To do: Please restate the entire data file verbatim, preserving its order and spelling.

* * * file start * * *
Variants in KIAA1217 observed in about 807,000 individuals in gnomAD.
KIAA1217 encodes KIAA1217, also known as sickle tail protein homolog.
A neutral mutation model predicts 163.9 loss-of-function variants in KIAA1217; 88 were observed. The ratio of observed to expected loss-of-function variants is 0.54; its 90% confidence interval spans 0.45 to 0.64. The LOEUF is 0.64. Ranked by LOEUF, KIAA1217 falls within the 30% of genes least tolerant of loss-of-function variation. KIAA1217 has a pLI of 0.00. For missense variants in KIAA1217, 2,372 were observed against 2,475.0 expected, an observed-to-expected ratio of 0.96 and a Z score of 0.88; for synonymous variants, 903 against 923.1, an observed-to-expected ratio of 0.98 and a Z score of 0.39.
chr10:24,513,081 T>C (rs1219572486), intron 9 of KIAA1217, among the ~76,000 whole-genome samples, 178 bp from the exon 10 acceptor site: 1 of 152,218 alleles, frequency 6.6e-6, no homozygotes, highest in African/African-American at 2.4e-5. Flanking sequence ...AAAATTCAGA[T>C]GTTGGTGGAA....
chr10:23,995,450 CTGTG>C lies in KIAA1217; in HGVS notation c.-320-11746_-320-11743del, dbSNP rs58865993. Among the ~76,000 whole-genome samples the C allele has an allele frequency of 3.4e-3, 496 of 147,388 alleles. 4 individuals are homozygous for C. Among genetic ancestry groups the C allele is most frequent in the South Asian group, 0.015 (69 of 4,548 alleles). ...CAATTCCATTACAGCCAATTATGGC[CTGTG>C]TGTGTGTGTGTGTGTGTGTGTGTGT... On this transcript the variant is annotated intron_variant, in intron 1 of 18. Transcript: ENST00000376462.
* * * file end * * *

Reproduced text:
Variants in KIAA1217 observed in about 807,000 individuals in gnomAD.
KIAA1217 encodes KIAA1217, also known as sickle tail protein homolog.
A neutral mutation model predicts 163.9 loss-of-function variants in KIAA1217; 88 were observed. The ratio of observed to expected loss-of-function variants is 0.54; its 90% confidence interval spans 0.45 to 0.64. The LOEUF is 0.64. Ranked by LOEUF, KIAA1217 falls within the 30% of genes least tolerant of loss-of-function variation. KIAA1217 has a pLI of 0.00. For missense variants in KIAA1217, 2,372 were observed against 2,475.0 expected, an observed-to-expected ratio of 0.96 and a Z score of 0.88; for synonymous variants, 903 against 923.1, an observed-to-expected ratio of 0.98 and a Z score of 0.39.
chr10:24,513,081 T>C (rs1219572486), intron 9 of KIAA1217, among the ~76,000 whole-genome samples, 178 bp from the exon 10 acceptor site: 1 of 152,218 alleles, frequency 6.6e-6, no homozygotes, highest in African/African-American at 2.4e-5. Flanking sequence ...AAAATTCAGA[T>C]GTTGGTGGAA....
chr10:23,995,450 CTGTG>C lies in KIAA1217; in HGVS notation c.-320-11746_-320-11743del, dbSNP rs58865993. Among the ~76,000 whole-genome samples the C allele has an allele frequency of 3.4e-3, 496 of 147,388 alleles. 4 individuals are homozygous for C. Among genetic ancestry groups the C allele is most frequent in the South Asian group, 0.015 (69 of 4,548 alleles). ...CAATTCCATTACAGCCAATTATGGC[CTGTG>C]TGTGTGTGTGTGTGTGTGTGTGTGT... On this transcript the variant is annotated intron_variant, in intron 1 of 18. Transcript: ENST00000376462.